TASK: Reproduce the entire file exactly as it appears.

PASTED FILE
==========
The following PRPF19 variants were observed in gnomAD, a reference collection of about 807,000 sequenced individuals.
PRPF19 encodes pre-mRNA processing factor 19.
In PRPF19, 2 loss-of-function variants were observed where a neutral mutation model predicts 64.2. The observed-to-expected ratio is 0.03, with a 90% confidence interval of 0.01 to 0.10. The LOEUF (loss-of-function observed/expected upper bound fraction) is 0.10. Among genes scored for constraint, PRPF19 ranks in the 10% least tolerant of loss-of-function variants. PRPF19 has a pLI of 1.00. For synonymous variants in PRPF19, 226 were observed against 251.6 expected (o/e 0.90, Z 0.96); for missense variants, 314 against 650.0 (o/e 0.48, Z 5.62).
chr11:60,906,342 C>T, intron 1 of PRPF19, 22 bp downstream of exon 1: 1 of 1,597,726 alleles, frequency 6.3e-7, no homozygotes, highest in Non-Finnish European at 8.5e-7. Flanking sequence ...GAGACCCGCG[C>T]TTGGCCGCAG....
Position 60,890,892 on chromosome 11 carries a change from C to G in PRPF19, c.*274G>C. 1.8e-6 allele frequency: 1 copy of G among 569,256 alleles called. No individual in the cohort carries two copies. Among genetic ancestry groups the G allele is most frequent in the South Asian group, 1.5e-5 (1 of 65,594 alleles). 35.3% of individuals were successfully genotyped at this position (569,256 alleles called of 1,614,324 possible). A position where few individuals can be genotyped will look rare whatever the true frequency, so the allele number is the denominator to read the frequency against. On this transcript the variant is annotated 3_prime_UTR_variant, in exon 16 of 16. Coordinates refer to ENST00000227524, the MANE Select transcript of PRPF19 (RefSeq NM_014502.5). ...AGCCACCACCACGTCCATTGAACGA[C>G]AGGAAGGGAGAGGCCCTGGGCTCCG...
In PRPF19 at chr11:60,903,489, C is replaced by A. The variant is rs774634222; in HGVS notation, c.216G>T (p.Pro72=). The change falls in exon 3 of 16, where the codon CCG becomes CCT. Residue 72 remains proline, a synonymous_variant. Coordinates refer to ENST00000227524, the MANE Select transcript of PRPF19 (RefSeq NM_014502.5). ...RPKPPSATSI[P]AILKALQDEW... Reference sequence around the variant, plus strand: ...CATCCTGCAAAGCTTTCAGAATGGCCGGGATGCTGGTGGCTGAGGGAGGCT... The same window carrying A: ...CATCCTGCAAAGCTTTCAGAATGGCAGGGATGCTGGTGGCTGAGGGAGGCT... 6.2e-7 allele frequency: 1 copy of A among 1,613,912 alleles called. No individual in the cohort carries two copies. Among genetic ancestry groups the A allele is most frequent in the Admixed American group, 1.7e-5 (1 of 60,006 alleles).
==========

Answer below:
The following PRPF19 variants were observed in gnomAD, a reference collection of about 807,000 sequenced individuals.
PRPF19 encodes pre-mRNA processing factor 19.
In PRPF19, 2 loss-of-function variants were observed where a neutral mutation model predicts 64.2. The observed-to-expected ratio is 0.03, with a 90% confidence interval of 0.01 to 0.10. The LOEUF (loss-of-function observed/expected upper bound fraction) is 0.10. Among genes scored for constraint, PRPF19 ranks in the 10% least tolerant of loss-of-function variants. PRPF19 has a pLI of 1.00. For synonymous variants in PRPF19, 226 were observed against 251.6 expected (o/e 0.90, Z 0.96); for missense variants, 314 against 650.0 (o/e 0.48, Z 5.62).
chr11:60,906,342 C>T, intron 1 of PRPF19, 22 bp downstream of exon 1: 1 of 1,597,726 alleles, frequency 6.3e-7, no homozygotes, highest in Non-Finnish European at 8.5e-7. Flanking sequence ...GAGACCCGCG[C>T]TTGGCCGCAG....
Position 60,890,892 on chromosome 11 carries a change from C to G in PRPF19, c.*274G>C. 1.8e-6 allele frequency: 1 copy of G among 569,256 alleles called. No individual in the cohort carries two copies. Among genetic ancestry groups the G allele is most frequent in the South Asian group, 1.5e-5 (1 of 65,594 alleles). 35.3% of individuals were successfully genotyped at this position (569,256 alleles called of 1,614,324 possible). A position where few individuals can be genotyped will look rare whatever the true frequency, so the allele number is the denominator to read the frequency against. On this transcript the variant is annotated 3_prime_UTR_variant, in exon 16 of 16. Coordinates refer to ENST00000227524, the MANE Select transcript of PRPF19 (RefSeq NM_014502.5). ...AGCCACCACCACGTCCATTGAACGA[C>G]AGGAAGGGAGAGGCCCTGGGCTCCG...
In PRPF19 at chr11:60,903,489, C is replaced by A. The variant is rs774634222; in HGVS notation, c.216G>T (p.Pro72=). The change falls in exon 3 of 16, where the codon CCG becomes CCT. Residue 72 remains proline, a synonymous_variant. Coordinates refer to ENST00000227524, the MANE Select transcript of PRPF19 (RefSeq NM_014502.5). ...RPKPPSATSI[P]AILKALQDEW... Reference sequence around the variant, plus strand: ...CATCCTGCAAAGCTTTCAGAATGGCCGGGATGCTGGTGGCTGAGGGAGGCT... The same window carrying A: ...CATCCTGCAAAGCTTTCAGAATGGCAGGGATGCTGGTGGCTGAGGGAGGCT... 6.2e-7 allele frequency: 1 copy of A among 1,613,912 alleles called. No individual in the cohort carries two copies. Among genetic ancestry groups the A allele is most frequent in the Admixed American group, 1.7e-5 (1 of 60,006 alleles).